Buildings at the Phu My Hung Urban Area in HCM City (Photo: VNA)

Hanoi (VNA) – Credit this year will flow more into production and business instead of non-production industries as done previously, experts said.

In the latest report on prospects of the banking industry released this week, analysts of Vietcombank Securities (VCBS) forecast that credit growth this year would be roughly 16 percent, lower than the 18 percent rate of last year, because credit would focus more on production and business.

“After the steep rise in 2015, credit to construction, real estate and BOT projects can be levelled off this year due to both market conditions and the orientation from the central bank,” the analysts said.

The central bank this year will issue the amended Circular No 36, which is aimed at ensuring the safety of the banking system, curbing the risk of a real estate bubble, and orienting the credit flow to production and business.

According to the draft amendments, banks and foreign bank branches must reduce the proportion of short-term funding from 60 percent to 40 percent and from 200 percent to 80 percent at non-banking financial institutions. It also requires an increase in risk ratios for receivables from real estate activities from 150 percent to 250 percent.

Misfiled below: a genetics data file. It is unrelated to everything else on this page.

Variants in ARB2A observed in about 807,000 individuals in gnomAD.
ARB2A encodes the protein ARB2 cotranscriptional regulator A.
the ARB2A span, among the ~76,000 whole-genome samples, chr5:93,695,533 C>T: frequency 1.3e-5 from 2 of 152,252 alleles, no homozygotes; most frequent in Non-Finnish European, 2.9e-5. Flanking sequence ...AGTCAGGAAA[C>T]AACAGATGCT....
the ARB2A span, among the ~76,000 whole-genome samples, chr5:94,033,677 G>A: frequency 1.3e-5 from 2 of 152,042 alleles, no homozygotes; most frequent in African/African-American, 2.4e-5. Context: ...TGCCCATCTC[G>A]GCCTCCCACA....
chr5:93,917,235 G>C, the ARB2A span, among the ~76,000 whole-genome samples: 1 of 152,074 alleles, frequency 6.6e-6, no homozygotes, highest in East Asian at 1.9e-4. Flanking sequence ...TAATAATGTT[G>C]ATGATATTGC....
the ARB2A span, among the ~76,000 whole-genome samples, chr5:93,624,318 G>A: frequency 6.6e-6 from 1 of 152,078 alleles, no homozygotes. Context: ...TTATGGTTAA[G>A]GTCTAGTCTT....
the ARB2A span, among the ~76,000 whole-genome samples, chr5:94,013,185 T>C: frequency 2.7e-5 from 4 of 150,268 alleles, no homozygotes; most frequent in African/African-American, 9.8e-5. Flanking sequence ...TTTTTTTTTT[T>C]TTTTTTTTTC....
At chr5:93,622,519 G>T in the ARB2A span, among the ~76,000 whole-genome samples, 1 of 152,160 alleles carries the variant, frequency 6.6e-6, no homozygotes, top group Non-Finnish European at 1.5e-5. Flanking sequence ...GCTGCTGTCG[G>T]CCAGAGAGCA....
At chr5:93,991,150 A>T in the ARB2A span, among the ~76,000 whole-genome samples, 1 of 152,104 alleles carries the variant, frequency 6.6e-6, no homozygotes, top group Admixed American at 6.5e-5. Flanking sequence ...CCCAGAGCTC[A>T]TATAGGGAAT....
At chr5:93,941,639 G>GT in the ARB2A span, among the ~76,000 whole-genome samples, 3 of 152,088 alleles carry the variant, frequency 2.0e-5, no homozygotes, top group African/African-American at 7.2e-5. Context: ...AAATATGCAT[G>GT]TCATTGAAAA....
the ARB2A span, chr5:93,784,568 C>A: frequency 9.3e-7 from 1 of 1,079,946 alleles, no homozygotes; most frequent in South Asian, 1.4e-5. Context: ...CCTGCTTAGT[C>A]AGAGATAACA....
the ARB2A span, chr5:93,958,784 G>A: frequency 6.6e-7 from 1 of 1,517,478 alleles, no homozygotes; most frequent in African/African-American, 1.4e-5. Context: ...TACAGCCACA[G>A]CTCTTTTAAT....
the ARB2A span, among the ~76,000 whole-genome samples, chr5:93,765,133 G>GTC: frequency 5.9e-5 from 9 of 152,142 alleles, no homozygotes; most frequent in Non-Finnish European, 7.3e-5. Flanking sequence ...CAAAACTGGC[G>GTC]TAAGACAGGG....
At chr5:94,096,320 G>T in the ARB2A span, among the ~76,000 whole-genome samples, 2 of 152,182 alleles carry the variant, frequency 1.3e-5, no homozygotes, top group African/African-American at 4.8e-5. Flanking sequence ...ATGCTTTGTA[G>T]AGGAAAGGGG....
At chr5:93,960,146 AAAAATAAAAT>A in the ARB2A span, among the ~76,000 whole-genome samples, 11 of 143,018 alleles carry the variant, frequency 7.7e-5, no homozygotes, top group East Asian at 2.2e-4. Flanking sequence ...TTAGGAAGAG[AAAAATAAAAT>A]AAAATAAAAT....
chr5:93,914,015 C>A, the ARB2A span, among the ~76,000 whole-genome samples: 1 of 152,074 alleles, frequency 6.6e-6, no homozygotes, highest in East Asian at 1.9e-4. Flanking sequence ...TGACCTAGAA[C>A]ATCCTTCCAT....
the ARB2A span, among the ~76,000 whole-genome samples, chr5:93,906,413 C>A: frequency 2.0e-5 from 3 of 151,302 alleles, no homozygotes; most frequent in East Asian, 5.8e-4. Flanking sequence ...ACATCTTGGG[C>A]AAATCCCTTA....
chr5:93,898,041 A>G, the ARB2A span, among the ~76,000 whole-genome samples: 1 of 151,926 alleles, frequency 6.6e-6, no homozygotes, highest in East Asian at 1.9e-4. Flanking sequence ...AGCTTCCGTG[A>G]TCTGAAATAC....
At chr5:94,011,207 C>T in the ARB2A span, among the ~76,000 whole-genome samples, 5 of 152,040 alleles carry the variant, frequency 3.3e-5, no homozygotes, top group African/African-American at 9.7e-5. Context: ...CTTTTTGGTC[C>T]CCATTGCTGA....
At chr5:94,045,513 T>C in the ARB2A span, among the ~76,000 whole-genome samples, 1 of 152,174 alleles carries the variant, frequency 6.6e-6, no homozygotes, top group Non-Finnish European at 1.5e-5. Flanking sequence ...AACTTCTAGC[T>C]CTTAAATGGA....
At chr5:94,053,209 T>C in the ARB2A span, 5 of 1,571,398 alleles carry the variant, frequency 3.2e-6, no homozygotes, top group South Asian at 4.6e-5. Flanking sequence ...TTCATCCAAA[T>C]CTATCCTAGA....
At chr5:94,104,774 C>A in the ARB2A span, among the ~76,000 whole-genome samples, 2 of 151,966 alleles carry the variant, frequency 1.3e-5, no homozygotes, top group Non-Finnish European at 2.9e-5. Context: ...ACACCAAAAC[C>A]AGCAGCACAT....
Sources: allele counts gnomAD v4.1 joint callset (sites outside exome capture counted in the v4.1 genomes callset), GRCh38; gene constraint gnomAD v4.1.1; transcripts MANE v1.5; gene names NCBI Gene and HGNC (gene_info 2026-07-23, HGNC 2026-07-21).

The central bank said since 2015, the real estate market has been in a period of recovery with the help of various support measures, including the 30 trillion VND (1.3 billion USD) housing credit support package and the reduction of the ratio of short-term loans to medium- and long-term loans from 250 to 150 percent, thus allowing banks to extend medium- and long-term credit.

Moreover, the increase in medium- and long-term outstanding credit will put pressure on interest rates. The International Monetary Fund has warned Vietnam about its outstanding credit for real estate.

Deputy Chief Inspector of the State Bank of Vietnam Pham Huyen Anh said that as long-term investment is needed for business and production activities, including bank operations, medium- and long-term loans must flow to safer purposes and follow the direction of the country’s socio-economic development plan.

According to VCBS, the upcoming policy to tighten lending on real estate will slow down credit growth, contributing to easing of liquidity, reducing pressure on interest rates and stabilising them in accordance with the government’s orientation.

“The amendment can cause a negative impact on commercial banks in the short term such as pressure on medium- and long-term capital mobilisation. However, in the long term, the banking system will become more safe and credit will flow to production and business that are short of capital despite creating high value for the economy,” the analysts said.

VCBS said the interest rate this year is under pressure as credit might continuously outstrip deposits while inflation is expected to be higher than last year at 2.5 percent.

It forecast that with a rise of less than 50 percentage points, the deposit interest rate this year will touch the cap of 5.5 percent set for short-term tenors by the central bank.

Head of VCBS’s analysis division Tran Tuan Anh also expected the central bank to continuously keep a cap in order to control the lending interest rate and orient credit institutions to restructure their capital source with a rise in long-term deposits in context of rising needs for medium- and long-term loans.-VNA